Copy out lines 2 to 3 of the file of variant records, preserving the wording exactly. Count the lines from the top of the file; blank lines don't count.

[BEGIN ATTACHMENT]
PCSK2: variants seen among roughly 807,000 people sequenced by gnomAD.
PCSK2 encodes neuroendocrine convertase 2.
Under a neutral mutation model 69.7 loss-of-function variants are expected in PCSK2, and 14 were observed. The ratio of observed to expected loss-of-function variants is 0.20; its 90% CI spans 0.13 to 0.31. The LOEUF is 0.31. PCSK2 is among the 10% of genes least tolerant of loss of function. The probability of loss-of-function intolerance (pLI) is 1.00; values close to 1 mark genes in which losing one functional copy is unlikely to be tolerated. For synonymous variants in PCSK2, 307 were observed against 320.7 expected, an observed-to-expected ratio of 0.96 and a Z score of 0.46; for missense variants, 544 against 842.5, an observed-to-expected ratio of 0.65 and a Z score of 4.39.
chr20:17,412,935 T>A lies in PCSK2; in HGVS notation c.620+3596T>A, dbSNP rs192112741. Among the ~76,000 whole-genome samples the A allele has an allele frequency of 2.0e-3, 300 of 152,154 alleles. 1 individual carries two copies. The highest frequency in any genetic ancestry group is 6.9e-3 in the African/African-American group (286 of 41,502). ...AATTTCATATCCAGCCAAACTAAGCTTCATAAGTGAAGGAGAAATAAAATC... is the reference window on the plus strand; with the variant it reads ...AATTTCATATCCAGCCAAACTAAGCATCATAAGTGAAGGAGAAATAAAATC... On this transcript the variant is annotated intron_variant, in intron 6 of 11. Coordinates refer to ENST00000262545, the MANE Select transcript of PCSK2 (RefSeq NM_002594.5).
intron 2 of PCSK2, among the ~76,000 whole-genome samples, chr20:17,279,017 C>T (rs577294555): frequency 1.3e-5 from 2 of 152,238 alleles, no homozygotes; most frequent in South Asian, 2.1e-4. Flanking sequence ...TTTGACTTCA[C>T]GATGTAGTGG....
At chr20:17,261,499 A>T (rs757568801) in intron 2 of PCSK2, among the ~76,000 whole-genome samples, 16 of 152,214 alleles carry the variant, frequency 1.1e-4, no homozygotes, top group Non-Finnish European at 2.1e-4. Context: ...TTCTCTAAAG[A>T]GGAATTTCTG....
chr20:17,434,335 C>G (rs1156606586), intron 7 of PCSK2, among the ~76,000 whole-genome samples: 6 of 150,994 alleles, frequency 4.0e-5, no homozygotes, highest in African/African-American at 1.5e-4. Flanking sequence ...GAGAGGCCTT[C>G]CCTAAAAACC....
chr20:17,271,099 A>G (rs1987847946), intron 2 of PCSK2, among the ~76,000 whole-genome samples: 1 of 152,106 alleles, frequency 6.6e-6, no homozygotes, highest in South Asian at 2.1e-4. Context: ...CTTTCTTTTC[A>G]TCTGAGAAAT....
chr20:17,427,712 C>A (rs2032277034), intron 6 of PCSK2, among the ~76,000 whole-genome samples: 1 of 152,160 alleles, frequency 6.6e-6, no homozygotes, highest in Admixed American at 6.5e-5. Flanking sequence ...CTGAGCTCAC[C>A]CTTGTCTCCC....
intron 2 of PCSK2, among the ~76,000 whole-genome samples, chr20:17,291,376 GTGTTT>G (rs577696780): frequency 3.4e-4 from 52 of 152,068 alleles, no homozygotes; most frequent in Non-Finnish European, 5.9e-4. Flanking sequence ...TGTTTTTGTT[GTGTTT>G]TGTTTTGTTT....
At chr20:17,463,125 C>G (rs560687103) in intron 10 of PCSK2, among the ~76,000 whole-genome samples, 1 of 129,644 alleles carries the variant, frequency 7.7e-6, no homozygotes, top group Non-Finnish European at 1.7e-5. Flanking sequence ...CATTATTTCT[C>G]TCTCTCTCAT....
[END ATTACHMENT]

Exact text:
PCSK2 encodes neuroendocrine convertase 2.
Under a neutral mutation model 69.7 loss-of-function variants are expected in PCSK2, and 14 were observed. The ratio of observed to expected loss-of-function variants is 0.20; its 90% CI spans 0.13 to 0.31. The LOEUF is 0.31. PCSK2 is among the 10% of genes least tolerant of loss of function. The probability of loss-of-function intolerance (pLI) is 1.00; values close to 1 mark genes in which losing one functional copy is unlikely to be tolerated. For synonymous variants in PCSK2, 307 were observed against 320.7 expected, an observed-to-expected ratio of 0.96 and a Z score of 0.46; for missense variants, 544 against 842.5, an observed-to-expected ratio of 0.65 and a Z score of 4.39.